Fraud hit Venmo hard in early 2018, leading the PayPal division for peer-to-peer payments to take an unexpectedly large loss due to fraudulent transactions and to shut down some of its features, according to a Wall Street Journal report.
Losses weighed in 40% higher than budgeted, at $40 million for the first quarter of 2018. That was reportedly 0.40% of volume, instead of an anticipated 0.24%.
In response, the company limited and shut down certain features, while blacklisting tens of thousands of accounts. This included pausing an instant-deposit feature, which allowed transfer of funds in a Venmo account to a bank account in as little as 30 minutes for $0.25. The feature returned a few days later, according to a company spokesperson. Recently, Venmo increased its cost, now charging a 1% transaction fee.
Venmo also stopped allowing transactions from its Web site, requiring all payments to happen via its app. While 98% of users relied on the app already and only 2% used the Web site for transfers, 15% of net losses occurred via the Web site.
The Journal wasn’t able to determine what led to the elevated fraud.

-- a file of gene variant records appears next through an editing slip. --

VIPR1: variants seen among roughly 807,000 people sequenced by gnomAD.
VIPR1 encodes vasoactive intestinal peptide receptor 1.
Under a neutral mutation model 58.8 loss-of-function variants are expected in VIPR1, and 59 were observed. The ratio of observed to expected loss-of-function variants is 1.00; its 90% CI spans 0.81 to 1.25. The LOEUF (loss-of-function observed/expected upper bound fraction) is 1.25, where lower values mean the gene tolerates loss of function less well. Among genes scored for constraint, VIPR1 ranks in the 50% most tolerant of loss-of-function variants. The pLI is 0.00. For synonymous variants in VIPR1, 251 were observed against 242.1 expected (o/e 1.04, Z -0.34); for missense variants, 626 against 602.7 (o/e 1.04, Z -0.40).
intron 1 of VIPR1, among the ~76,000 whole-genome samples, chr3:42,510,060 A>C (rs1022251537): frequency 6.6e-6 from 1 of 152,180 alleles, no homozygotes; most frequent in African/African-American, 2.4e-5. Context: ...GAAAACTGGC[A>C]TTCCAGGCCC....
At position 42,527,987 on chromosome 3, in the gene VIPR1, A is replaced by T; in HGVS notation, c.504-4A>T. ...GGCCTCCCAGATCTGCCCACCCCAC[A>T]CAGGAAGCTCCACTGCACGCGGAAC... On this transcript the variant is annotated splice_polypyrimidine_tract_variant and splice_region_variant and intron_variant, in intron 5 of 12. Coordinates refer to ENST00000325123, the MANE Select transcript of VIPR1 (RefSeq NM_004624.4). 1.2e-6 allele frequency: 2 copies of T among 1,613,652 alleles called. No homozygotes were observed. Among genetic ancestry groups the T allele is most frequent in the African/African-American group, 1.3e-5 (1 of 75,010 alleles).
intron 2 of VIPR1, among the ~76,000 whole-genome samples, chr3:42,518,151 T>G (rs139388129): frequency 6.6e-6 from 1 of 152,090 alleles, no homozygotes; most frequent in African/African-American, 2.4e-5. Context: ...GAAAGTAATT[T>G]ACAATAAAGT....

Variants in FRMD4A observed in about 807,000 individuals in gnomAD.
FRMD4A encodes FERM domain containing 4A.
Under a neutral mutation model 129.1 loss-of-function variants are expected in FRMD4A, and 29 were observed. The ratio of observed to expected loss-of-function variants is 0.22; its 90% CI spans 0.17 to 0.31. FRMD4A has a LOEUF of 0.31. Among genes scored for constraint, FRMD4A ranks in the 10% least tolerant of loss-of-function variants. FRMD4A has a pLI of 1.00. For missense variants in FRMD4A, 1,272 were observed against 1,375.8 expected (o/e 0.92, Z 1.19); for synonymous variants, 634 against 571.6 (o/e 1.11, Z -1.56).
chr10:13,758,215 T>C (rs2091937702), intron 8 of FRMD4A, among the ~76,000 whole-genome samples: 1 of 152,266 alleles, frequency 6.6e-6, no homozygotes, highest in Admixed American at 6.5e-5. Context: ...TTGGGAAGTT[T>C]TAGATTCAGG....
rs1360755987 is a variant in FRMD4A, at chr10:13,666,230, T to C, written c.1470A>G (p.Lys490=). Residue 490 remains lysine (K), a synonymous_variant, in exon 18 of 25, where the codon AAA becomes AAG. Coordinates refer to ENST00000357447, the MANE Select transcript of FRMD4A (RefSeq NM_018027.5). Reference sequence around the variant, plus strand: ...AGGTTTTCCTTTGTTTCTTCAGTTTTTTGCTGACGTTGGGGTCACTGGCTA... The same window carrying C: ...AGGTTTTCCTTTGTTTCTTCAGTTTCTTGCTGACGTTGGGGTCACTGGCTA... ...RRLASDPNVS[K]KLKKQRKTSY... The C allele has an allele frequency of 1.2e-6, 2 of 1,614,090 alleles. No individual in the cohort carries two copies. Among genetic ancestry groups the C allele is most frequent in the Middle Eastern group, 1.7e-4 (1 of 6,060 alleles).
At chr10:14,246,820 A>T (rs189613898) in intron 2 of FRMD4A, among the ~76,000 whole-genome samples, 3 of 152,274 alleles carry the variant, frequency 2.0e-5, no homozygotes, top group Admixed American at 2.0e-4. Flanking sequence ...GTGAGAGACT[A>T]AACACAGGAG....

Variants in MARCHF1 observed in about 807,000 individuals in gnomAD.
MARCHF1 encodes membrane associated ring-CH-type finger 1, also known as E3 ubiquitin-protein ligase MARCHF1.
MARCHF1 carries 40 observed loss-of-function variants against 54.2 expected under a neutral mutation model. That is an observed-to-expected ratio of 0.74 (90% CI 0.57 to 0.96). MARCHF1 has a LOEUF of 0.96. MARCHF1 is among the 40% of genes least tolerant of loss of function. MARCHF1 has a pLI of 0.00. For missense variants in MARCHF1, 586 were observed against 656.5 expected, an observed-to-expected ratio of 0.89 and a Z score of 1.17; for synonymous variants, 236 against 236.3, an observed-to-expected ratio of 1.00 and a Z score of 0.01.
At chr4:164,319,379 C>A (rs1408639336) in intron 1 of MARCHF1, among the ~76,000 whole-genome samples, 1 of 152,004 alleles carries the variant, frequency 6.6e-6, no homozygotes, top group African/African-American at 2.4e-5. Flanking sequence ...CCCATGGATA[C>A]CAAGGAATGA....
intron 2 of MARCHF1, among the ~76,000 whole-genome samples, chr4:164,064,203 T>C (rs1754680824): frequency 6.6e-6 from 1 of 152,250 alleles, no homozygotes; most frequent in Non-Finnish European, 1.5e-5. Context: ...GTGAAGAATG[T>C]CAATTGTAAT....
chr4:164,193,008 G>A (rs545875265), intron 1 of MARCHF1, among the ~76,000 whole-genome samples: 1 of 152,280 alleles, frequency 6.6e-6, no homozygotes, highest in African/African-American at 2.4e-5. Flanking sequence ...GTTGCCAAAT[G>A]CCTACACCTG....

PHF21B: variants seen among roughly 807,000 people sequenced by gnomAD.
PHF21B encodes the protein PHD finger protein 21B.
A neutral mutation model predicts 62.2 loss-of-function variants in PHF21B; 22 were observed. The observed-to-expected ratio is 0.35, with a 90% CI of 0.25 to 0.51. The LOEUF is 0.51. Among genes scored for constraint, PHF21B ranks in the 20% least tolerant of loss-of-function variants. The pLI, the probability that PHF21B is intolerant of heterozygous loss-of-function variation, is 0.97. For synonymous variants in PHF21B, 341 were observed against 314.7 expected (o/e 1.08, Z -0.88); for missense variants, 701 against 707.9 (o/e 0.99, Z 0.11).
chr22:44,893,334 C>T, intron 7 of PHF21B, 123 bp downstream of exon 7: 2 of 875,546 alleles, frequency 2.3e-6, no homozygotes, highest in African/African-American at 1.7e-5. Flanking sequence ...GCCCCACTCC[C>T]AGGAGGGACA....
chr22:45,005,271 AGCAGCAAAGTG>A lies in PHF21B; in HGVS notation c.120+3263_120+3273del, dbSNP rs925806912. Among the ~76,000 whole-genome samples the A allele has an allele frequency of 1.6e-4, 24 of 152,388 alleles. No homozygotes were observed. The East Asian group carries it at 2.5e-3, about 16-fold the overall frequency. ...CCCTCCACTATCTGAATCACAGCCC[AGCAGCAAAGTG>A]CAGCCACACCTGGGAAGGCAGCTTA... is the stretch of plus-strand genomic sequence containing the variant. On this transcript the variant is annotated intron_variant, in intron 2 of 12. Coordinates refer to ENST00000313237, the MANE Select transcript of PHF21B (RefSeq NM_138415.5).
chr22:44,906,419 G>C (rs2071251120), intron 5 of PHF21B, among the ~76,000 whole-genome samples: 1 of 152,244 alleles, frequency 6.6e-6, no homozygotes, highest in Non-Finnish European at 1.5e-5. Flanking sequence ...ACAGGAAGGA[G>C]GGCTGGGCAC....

Venmo provided the following statement to Fortune:
Venmo loss levels are lower than the overall average for PayPal and compare favorably to the industry. When introducing new features, it is not unusual to see short periods of elevated losses. In Q1 of 2018, Venmo had multiple new features that were introduced and received exceptional customer demand. As loss patterns emerged, the Venmo team quickly updated the new features to prevent losses and protect customers. With the new instant transfer feature, that meant suspending the new feature for a few days and then reintroducing it. Suspending that feature temporarily was the right thing to protect customers. Venmo users have continued to enjoy those new features with Venmo’s protections against unauthorized access and at loss levels that are inline or better than our expectations.
Venmo has had few revenue sources in the past and has taken losses on operations since its start. However, it’s slowly shifting into more fee-based services, including letting customers pay for Uber and other services directly from their account balance.
Venmo is one of several companies contending for a vast market of money transfers between people for casual expenses like splitting the cost of a meal to much larger expenses like rent. Competitors include Zelle, run by a consortium of 30 major U.S. banks, and Square Cash, a system operated by the credit-card processing company Square.
Zelle handled $28 billion in transfers in the second quarter of 2018. Venmo managed about half that, or $14 billion, in the same period. Zelle has an estimated 23 million U.S. users, and Venmo about 27 million.
Updated Nov. 26, 8:20 p.m.: This story was updated to include Venmo’s statement.